Every person’s journey with food is different, but here are a few suggestions on how to walk alongside them in the midst of an eating disorder.

Have conversations about it—and don’t forget to listen.

It’s easy to avoid difficult conversations, especially when it comes to a sensitive topic like an eating disorder. But broaching the topic opens the door for dialogue and the road to recovery. Ask questions and listen, and most of all, be patient and supportive. Validating feelings, asking questions, and withholding judgment are vital for recovery.

Don’t give quick fixes.

Even though comments like “Just eat more” or “Just look in the mirror—you look great” can seem like a natural response, they can do more harm than good. These statements imply eating disorders are casual problems rather than the complex situations they are. If a statement starts with “just,” think twice before saying it out loud. Instead, encourage your loved one and speak truth about their value as a person.

Offer to help look for professional help.

Finding a doctor or making an appointment with a counselor can be intimidating for many people. Offer to look up providers in the area or to take them to an appointment. Receiving compassionate care can help a person understand any diagnoses they may have as well as screen for any related medical problems. Optimally, eating disorders are addressed holistically, with a team of people helping to talk through nutrition, their relationship with food, and healthy coping mechanisms (counseling was my favorite).

Stay away from shaming.

Stay away from focusing on your emotions and blaming an individual for them (i.e., “I’m scared when you don’t eat” or “I feel guilty that you’re not doing well”). Addiitonally, rather than making comments about actions you disagree with (not eating enough, hurting yourself by doing this, etc.), ask about the emotions or motivations behind these actions. Instead, ask questions about topics like what they find stressful in life or what drives their fear of gaining weight.

Learn about eating disorders.

The more you know about eating disorders, the more likely you’ll be able to offer empathy and positive support. Researching will help you understand what kind of treatment your loved one might need, and it will also make you aware of personal challenges or biases you may not be aware of.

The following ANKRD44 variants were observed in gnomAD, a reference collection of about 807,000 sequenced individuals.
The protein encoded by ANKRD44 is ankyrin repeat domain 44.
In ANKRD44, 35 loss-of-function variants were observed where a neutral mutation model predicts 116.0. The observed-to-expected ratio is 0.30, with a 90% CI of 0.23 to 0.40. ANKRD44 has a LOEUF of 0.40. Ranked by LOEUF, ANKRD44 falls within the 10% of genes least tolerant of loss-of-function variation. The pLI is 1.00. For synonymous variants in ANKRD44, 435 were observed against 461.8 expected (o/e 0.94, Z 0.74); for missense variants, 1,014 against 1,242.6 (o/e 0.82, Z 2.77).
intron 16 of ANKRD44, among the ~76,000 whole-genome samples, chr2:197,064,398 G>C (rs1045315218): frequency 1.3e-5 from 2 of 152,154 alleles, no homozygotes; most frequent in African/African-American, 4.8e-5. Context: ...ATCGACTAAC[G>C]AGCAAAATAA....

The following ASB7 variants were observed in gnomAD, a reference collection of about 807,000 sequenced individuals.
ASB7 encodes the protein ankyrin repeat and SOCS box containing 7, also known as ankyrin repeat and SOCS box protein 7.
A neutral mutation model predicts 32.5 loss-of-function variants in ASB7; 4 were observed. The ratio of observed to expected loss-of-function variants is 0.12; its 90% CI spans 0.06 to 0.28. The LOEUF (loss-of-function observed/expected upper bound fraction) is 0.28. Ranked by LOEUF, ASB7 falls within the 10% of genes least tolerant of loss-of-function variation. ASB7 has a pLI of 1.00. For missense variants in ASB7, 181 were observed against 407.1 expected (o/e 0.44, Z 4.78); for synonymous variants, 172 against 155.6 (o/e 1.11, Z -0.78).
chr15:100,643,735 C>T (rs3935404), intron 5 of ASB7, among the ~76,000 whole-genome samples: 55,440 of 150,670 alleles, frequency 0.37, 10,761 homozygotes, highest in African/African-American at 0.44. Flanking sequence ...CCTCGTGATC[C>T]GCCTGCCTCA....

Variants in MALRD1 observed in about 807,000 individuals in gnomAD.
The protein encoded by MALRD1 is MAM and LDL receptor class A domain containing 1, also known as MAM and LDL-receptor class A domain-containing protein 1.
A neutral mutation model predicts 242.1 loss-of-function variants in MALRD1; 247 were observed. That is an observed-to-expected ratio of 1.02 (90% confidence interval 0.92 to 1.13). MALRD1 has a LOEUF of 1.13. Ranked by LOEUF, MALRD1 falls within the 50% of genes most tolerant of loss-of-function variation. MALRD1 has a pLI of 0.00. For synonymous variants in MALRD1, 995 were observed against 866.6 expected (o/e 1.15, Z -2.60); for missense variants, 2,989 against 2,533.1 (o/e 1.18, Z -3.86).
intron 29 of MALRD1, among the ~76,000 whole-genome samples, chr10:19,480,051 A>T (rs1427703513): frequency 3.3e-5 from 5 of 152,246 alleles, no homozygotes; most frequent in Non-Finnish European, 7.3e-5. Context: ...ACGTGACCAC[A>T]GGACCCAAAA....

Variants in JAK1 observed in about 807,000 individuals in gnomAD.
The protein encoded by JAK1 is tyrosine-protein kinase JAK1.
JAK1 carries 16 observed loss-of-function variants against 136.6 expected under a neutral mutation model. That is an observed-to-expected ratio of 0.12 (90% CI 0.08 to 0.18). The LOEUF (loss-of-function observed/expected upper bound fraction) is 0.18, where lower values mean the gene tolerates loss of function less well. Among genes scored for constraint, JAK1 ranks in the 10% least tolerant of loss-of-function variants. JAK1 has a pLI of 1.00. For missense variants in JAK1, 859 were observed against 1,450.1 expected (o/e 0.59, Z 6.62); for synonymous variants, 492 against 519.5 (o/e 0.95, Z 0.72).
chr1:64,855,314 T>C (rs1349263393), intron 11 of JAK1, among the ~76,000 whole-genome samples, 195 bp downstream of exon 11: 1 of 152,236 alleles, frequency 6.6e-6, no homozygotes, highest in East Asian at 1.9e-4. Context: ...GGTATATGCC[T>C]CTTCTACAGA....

Tips for Parents

While these next few are especially useful for parents, we can all implement them in our lives.

Set a positive example.

This goes far beyond what (or how much) you eat. It includes being mindful of your own self-esteem and self-image and speaking positively about yourself and your body. It also includes avoiding criticism about appearance (your own or anyone else’s). In conversation, try focusing on character qualities instead of physical appearance.

Hold your child accountable, but don’t hover.

Instead of acting like the “food police” or trying to force them to eat, set limits. Using natural consequences to their actions instead of “punishments” you prescribe can be much more powerful motivators. For example, when I was in a weakened state, it wasn’t safe for me to go on a trip to Belize, so my parents didn’t allow me to go.

Don’t blame—your child or yourself.

Instead of focusing on the “could have” and “should have” moments in life, look forward and identify action points you can take today. Evaluate what you have learned and how you can incorporate that into you relationship with your child. Instead, continue to provide hope to yourself and your child by focusing on every victory, no matter how small.

Make meals enjoyable.

Eating meals as a family or inviting friends over for dinner can make mealtimes something to look forward to. Having fun with each other instead of talking about the day’s complications or problems can help create a positive atmosphere, which can become associated with food.

Last of all, take care of yourself.

Make sure you have a support system where you can talk about your struggles and the complex emotions around a loved one with an eating disorder. Consider setting aside a regular time when you can process verbally with a friend, family member, or therapist. By practicing self-care, you’re not only ensuring you can parent your child well, but you’re also modeling self-love in a practical way.